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Thoughts on a Burning Bowl Ceremony
(inspired by the writings of Ralph Metzner)

Bertita Graebner, Ph.D

A few words about the intent of the ceremony:
This ceremony, performed as a ritual, offers us the opportunity to leave behind something that no longer serves our life. More precisely, it is an act of letting go. The purpose is to release a pattern, belief, emotion or experience that impedes us. We offer our behavior patterns of thought and deed to make room for a new way of being. This ceremony is a request for transformation of something specific we individually wish to let go of, something to be returned to us renewed and in a form that serves and supports our lives in the present.

Together we ask for the possibility of transforming a negative condition into a positive replacement. The more precisely we articulate our request, the more clearly we can see what needs transforming and where the transformation needs to take place. Together we bind our intention to the individual and collective good. The value of this ceremony is to bring our collective intent to support and strengthen one another, by doing so we intensify and solidify our feelings and emotions for transformation.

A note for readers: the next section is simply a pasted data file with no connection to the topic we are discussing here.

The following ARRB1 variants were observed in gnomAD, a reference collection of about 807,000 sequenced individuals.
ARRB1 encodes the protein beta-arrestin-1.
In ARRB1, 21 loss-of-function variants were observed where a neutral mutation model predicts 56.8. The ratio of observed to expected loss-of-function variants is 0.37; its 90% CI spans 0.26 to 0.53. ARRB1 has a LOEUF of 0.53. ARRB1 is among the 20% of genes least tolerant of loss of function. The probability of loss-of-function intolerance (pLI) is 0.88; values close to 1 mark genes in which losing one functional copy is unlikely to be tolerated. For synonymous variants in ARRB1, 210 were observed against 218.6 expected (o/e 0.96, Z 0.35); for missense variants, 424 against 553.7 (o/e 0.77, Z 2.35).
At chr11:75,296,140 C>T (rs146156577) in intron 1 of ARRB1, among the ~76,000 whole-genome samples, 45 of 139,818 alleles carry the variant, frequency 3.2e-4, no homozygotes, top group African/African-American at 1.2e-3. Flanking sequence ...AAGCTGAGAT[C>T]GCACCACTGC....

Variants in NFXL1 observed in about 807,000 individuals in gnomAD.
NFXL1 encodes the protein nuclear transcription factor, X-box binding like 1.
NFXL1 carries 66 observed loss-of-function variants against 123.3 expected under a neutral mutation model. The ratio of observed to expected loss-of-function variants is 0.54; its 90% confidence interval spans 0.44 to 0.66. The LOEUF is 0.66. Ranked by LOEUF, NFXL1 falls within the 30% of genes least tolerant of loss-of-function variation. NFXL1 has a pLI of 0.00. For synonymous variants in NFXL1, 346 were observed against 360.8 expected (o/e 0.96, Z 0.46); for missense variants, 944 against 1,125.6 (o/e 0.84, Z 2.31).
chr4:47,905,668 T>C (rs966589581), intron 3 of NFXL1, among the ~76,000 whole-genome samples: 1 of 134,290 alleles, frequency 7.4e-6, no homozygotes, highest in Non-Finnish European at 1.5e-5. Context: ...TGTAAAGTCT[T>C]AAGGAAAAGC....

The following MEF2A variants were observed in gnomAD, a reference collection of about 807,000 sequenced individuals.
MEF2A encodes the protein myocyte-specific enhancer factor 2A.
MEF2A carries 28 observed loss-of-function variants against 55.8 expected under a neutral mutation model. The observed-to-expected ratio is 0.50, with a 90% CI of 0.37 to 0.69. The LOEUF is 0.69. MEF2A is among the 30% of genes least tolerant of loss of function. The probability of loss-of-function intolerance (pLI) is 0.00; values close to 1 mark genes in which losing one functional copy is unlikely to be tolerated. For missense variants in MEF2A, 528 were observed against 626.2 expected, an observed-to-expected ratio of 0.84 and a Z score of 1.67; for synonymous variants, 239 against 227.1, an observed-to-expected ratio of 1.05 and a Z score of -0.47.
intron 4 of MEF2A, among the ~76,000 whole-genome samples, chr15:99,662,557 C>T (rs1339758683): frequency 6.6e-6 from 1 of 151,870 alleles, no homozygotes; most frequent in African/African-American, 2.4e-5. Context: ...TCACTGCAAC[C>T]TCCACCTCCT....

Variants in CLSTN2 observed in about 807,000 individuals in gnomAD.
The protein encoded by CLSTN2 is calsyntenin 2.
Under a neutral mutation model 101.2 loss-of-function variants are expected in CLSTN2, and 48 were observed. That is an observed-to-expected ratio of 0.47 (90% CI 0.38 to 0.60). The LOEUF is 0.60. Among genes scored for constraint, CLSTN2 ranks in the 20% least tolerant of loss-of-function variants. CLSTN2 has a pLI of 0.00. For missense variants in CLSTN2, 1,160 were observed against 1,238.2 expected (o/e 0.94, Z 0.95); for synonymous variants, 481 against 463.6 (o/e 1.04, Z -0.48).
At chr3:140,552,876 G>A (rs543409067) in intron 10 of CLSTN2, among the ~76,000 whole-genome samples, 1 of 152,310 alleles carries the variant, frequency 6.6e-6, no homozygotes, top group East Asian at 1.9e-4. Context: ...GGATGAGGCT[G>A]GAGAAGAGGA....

A few words about the design of the ceremony:
Each participant writes on a slip of paper that which they wish to release for transformation. It is offered to the flame in the bowl to be consumed to ash, sending the smoke upwards and the ash downwards to the earth.

A few words about the process of transformation:
It is important to know that we are all in process, we are all involved in a series of actions resulting in change. If we accept the fundamental law of the conservation of energy, matter is neither created nor destroyed, it is simply transformed. This is another way of saying All is One, dualities and separations are resolved in the end. We can never "destroy" a pattern or process, we can only transform it into another pattern or process.

A few words about fire:
You may ask: “Why fire? Why not throw the pieces of paper into a bowl of water and drown the darn things? Why not tear them up into tiny shreds, toss them into the air to be vacuumed up the next day and taken out with the garbage? Why burning?”

Because: Fire is equated with purification.

Here is a CNN version of the history of how fire is held in the psyche of humanity. From earliest times, people noted that the Sun, a fiery, hot, ball of flames originated and sustained life. They were in awe of the forces of nature that produced fire, like lightning, volcanoes and wildfires. People observed the raw power of these natural energies and understandably created an analogue between the Sun/fire as a creator, spiritual source and sustainer. This analogy permeates human thought.